With finals fast approaching, the library is beginning to fill with more and more students devoting countless hours to their final projects and papers. As the days drudge on, many may question why they dedicate so much time and energy to essays that their professor may only read once. The people who lead the First-Year Experience (FYE) Writing Awards and the Undergraduate Student Research Awards sympathize with students across campus and hope that their awards motivate and remind students that their efforts are meaningful.

The process of choosing award-winning FYE papers is long and thoughtful. First, Jennifer Rowe, HUMA professor and director of the Writing Center, removes the identifying information — including name and student ID — from papers and creates binders with the edited essays. Then, a group of student and Writing Center employees cut down the number of papers from the original group of 150 submissions to a “short-list” of thirteen. The faculty committee then chooses four winners who receive $200 visa gift cards and up to four honorable mentions who receive $50 visa gift cards. The awards are funded through the FYE program.

“We have this lengthy, in-depth discussion about the merits of each and what kind of promise we see in all of the young writers. At the end of the process, I read off the final list and if anyone has any objectives they raise them. If not, I go home and I get to write the exciting emails to the winners,” Rowe said.

The committee attempts to choose papers that represent both the wide range of paper styles — research, short story and argumentative, to name a few — and the different FYE classes. Thus, the criteria for the papers remains flexible, so it can be applied to any kind of paper.

Willis Salomon, associate English and HUMA professor, was on the faculty committee that chose the winning papers. Salomon spoke about the criteria he had in mind.

“I was looking for essays that exemplified the learning outcomes pertaining to writing in the FYE. Is it clear? Is it well structured? Is it interesting, developed? Does it teach me something I didn’t know?” Salomon said.

Like the FYE Writing Awards, the Undergraduate Student Research Awards also are given out every year to writers of exemplary papers. However, the Undergraduate Student Research Awards are reserved for authors of research papers. From the group of winners, one student is awarded $1000 visa gift card, two students get $500 visa gift cards, and three students get a $100 visa gift card. Additionally, award-winning papers are preserved in the library archives. The competition is headed by the library staff who hope that the awards inspire others to do thoughtful and high-quality research.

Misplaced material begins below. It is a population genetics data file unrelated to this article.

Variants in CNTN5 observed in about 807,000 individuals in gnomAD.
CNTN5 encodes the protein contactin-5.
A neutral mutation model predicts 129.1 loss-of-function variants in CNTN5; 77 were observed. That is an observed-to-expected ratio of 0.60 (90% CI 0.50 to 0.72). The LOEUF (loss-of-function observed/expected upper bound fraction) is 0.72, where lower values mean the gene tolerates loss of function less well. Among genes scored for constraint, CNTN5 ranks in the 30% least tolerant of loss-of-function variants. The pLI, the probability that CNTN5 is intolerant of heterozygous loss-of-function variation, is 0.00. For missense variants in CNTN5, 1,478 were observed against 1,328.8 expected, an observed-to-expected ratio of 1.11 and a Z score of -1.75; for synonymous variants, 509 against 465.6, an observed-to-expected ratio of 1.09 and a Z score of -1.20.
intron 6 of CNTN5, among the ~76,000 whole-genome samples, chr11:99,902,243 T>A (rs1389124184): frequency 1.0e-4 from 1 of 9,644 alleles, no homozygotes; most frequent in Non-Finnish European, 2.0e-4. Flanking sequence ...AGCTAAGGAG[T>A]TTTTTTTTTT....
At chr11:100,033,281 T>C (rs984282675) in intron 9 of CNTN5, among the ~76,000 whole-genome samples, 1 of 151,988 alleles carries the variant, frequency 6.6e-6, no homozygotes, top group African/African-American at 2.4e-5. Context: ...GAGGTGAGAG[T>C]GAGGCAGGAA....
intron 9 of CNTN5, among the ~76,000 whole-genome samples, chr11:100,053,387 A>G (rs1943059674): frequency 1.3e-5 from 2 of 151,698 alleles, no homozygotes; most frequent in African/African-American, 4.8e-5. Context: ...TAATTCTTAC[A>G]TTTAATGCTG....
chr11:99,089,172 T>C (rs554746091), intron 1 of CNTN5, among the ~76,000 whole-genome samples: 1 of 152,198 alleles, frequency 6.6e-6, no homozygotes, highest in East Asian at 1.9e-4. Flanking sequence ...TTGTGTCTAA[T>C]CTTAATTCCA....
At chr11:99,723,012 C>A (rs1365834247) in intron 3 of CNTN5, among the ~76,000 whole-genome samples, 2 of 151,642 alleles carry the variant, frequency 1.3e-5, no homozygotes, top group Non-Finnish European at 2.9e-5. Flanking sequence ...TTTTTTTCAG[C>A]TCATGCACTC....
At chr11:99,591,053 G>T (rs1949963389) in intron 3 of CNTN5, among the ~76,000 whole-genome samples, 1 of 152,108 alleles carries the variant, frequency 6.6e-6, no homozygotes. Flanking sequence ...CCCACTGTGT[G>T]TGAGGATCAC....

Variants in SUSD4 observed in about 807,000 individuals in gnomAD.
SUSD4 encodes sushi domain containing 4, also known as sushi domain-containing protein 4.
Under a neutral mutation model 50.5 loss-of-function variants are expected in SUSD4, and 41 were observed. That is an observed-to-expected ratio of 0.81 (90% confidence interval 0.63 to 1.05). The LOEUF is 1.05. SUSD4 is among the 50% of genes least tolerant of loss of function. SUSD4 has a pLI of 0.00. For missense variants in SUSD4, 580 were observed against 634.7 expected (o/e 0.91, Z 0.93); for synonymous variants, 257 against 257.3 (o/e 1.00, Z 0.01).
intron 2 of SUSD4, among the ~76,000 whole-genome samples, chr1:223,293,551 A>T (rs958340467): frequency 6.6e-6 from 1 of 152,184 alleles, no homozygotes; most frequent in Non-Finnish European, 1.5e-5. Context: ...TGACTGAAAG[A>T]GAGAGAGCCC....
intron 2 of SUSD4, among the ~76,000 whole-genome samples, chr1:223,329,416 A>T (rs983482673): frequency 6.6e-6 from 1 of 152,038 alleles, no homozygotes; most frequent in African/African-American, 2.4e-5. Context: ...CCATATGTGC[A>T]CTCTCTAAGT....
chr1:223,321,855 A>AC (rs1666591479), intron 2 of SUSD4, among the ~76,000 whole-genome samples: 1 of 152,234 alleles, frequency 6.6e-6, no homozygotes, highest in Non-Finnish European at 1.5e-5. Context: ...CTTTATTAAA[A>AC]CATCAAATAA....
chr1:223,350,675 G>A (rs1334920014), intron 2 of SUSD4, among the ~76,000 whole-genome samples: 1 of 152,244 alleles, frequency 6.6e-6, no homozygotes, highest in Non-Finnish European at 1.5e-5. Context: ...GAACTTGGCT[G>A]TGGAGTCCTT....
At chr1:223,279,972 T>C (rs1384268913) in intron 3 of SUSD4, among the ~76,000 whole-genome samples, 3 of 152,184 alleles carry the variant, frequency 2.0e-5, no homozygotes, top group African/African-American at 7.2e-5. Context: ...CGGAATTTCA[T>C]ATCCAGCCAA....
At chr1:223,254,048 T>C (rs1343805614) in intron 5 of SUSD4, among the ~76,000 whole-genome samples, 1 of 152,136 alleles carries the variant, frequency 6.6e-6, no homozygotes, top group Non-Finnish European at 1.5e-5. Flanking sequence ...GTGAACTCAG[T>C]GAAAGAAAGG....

Benjamin Harris, professor and head of Instruction Services, spoke about this objective.

“Not only are students doing this amazing work, finding things, coming up with amazing arguments, bringing information together in their projects, but you can do it too. I hope people are inspired when they see these papers. It’s thrilling,” Harris said.

The FYE Writing Award winners included Ty Krieger, Erin Cha, Pouya Mohammadi and Avani Sastry. The Honorable Mentions were Luke Eakin, Alexander Lowen, Wilfred Nelson and Sam Reuter. The Undergraduate Student Research Awards went to Nhi Nguyen, Thomas Harvell-DeGolier, Zabdi Salazar, Beth Legg, Margaret Chase, Malcolm Conner and again, Avani Sastry.

First year Pouya Mohammadi was one of the recipients of the First Year Experience Writing Awards. photo by Stephen Somrall-Orsak

Sastry, first-year, remembers spending weeks on her dual award-winning paper, “A Legacy of Fear: The Fusion of Fascism, Futurism, and Cold War Mythologies in Nuclear and Spatialist Art”.  Her paper explored the cultural and political facets of spacial and nuclear art. She looked at how fascist ideologies and other influences were manifested in the art.

Sastry was in the Science Fiction FYE and enjoyed talking with her peers about the books and films she’d always wanted to discuss. For Sastry, writing an essay about her passions was hard work, but she appreciated the opportunity to do it.  

“I was in an art history class and I was thinking about doing an art history major. So, I thought it would be cool to do something about art history and science fiction. It was kind of a ‘for fun’ thing for me. It took a while, but I think it was worth it,” Sastry said.

It’s a win-win for both parties. The students enjoy receiving the awards and the faculty members have a good time throughout the whole process.

“The award decision day is my favorite day of the year. A lot of the writing in the fall can really feel like a slog. There’s so much writing in the FYE and it’s hard and you have to put so much effort into it. So to have something really positive and happy come out of that I think is really exciting for them. I love to be the one to tell them. It’s really fun,” Rowe said.

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